Family  /  Explainer

The Insanity Trial of Mary Lincoln

How the self-proclaimed "First Widow" used her celebrity to influence public opinion.

At one o’clock in the afternoon on May 19, 1875, an unexpected visitor knocked on the door of Mary Lincoln’s hotel room. It was Leonard Swett, one of her late husband’s law associates. The self-proclaimed “First Widow” had just arrived in Chicago ahead of the ten-year anniversary of the assassination of her husband. She assumed Swett, having learned she was in town from the local papers, had come to pay his respects. He had not. 

Swett told Mary she had one hour to dress for a court date she didn’t know she had. She would be tried for insanity, a charge she didn’t know had been leveled at her. She would hear testimony from a dozen male doctors, some of whom she’d never met. She would recognize a few, perhaps, who she had met briefly when they attended to her family in the midst of crisis and loss. In 1850, when her son, Eddy, 3, died from an unknown disease; in 1862, when Willie, 11, died of typhoid; and in 1871, when Tad, 18, died from lung disease. Swett knew the details well because, as he informed her, he wasn’t just an escort. He was the lead prosecutor, determined to prove her insanity. She would have representation, too. He had chosen Isaac Arnold, a local lawyer, to lead the defense.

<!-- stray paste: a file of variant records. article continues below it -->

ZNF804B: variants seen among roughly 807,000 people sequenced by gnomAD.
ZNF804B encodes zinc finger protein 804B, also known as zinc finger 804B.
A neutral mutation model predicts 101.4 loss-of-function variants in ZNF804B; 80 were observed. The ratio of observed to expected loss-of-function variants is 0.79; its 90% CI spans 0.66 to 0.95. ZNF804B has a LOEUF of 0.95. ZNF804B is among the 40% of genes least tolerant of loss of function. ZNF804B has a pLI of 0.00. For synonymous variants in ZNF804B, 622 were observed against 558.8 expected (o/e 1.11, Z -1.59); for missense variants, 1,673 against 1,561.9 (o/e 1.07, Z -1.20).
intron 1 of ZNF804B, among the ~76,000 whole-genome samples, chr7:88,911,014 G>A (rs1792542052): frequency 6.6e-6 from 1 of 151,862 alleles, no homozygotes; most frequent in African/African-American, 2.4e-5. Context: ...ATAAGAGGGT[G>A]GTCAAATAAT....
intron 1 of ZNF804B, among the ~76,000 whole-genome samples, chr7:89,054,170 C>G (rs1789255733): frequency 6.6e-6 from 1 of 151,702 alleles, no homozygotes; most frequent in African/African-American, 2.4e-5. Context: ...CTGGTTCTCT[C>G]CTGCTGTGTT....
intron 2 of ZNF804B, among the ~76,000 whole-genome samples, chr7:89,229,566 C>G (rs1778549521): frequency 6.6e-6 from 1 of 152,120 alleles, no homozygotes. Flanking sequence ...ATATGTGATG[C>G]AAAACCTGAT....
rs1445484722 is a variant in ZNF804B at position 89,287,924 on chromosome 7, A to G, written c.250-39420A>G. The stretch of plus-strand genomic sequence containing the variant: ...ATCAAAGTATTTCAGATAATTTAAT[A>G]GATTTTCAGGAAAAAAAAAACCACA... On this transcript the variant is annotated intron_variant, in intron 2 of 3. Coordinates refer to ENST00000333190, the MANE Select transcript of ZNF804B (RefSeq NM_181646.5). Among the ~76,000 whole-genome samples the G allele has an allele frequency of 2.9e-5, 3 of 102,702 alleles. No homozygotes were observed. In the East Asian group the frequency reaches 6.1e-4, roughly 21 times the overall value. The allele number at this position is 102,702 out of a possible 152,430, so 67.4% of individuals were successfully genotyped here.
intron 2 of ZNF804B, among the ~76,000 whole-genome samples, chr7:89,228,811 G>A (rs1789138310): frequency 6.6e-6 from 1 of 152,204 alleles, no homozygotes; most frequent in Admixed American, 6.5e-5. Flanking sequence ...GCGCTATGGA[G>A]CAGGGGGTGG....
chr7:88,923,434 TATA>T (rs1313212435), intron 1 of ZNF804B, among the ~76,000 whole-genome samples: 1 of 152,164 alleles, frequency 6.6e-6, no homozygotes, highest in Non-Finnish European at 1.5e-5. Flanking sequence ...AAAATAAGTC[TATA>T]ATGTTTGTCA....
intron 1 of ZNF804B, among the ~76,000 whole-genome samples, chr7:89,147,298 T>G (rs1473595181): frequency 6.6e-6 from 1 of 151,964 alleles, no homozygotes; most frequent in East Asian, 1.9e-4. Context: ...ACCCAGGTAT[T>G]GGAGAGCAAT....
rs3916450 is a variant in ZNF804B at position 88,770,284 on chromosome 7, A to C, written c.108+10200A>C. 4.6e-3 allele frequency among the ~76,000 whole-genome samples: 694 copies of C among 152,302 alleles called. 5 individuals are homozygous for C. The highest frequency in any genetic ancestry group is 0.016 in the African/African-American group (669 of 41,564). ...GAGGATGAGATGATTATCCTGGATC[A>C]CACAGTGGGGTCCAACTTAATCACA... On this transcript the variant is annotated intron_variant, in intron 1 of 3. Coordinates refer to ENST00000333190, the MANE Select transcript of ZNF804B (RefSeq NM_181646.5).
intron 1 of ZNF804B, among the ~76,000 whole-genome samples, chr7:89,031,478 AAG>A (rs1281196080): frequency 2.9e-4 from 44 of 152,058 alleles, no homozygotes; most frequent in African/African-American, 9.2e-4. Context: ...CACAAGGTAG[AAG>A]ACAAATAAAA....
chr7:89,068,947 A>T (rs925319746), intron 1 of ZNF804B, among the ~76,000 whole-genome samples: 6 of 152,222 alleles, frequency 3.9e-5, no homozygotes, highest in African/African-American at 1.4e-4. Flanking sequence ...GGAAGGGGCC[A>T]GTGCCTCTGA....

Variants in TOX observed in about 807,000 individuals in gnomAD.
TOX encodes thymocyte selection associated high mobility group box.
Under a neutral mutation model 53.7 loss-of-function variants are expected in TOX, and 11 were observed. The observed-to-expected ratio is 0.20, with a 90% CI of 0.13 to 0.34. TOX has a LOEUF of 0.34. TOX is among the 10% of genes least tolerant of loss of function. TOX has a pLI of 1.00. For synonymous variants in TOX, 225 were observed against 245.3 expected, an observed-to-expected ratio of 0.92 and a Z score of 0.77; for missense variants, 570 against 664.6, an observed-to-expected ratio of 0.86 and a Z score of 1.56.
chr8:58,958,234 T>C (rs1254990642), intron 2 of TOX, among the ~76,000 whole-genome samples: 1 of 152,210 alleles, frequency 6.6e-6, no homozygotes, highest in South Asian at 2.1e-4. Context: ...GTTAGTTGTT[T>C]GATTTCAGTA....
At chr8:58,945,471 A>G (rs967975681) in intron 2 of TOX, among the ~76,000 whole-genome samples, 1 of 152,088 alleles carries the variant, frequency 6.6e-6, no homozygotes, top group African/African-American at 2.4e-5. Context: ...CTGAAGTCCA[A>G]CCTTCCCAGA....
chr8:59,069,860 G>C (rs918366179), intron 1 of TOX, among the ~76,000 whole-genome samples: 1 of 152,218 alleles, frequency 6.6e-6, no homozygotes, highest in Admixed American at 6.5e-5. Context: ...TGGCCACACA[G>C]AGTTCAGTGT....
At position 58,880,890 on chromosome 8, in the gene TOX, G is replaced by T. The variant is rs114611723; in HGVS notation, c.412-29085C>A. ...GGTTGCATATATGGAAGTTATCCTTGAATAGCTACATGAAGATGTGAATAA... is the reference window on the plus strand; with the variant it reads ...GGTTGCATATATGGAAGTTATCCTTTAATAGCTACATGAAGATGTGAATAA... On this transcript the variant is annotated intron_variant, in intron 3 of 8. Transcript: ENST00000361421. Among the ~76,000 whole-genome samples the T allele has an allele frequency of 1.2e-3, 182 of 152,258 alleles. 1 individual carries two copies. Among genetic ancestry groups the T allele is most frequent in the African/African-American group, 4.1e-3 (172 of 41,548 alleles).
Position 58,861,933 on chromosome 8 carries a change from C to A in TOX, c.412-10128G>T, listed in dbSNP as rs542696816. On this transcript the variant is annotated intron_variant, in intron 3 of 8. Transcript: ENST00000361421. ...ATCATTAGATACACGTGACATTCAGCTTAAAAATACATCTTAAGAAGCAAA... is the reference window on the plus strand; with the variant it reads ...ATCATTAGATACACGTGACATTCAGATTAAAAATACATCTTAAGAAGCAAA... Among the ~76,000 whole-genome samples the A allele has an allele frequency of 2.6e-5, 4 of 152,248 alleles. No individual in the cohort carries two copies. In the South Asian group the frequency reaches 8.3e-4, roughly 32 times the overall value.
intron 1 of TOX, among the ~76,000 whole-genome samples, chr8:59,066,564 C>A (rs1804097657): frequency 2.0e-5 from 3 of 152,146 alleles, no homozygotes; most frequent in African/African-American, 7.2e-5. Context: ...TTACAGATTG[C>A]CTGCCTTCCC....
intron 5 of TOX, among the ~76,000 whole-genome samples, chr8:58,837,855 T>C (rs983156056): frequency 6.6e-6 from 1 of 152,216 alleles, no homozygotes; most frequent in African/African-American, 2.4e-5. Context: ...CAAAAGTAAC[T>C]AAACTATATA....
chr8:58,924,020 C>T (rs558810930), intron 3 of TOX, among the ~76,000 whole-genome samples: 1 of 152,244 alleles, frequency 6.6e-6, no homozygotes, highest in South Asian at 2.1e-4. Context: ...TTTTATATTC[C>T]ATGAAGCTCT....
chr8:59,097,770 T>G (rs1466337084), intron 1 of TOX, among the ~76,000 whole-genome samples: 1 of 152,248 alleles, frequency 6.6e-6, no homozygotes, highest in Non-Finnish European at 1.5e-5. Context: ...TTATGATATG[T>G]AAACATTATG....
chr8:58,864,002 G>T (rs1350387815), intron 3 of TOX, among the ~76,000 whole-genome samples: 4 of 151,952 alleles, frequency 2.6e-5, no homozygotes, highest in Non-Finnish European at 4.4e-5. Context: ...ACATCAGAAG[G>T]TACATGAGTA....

This was not why Mary had come to Chicago. Her presence was supposed to remind people of her great loss—and, just as much, the way she had been mistreated in the aftermath. It began the night of the assasination, when Lincoln’s Cabinet banished Mary, still wearing a blood-soaked dress, from her husband’s bedside. The day had started out better than most in the White House;  it was six days after the Confederacy had surrendered. Lincoln had sent his wife a note requesting permission to accompany her, as if they were courting, on an afternoon carriage ride, and then to see Our American Cousin at Ford’s Theatre. The driver had been surprised to overhear Lincoln, only 42 days into his second term, talking about the couple’s future: a rain ride across America, all the way to California, and then a steamer to Europe. Lincoln hoped to make it to Jerusalem. He promised Mary a different life, and hours later, it was.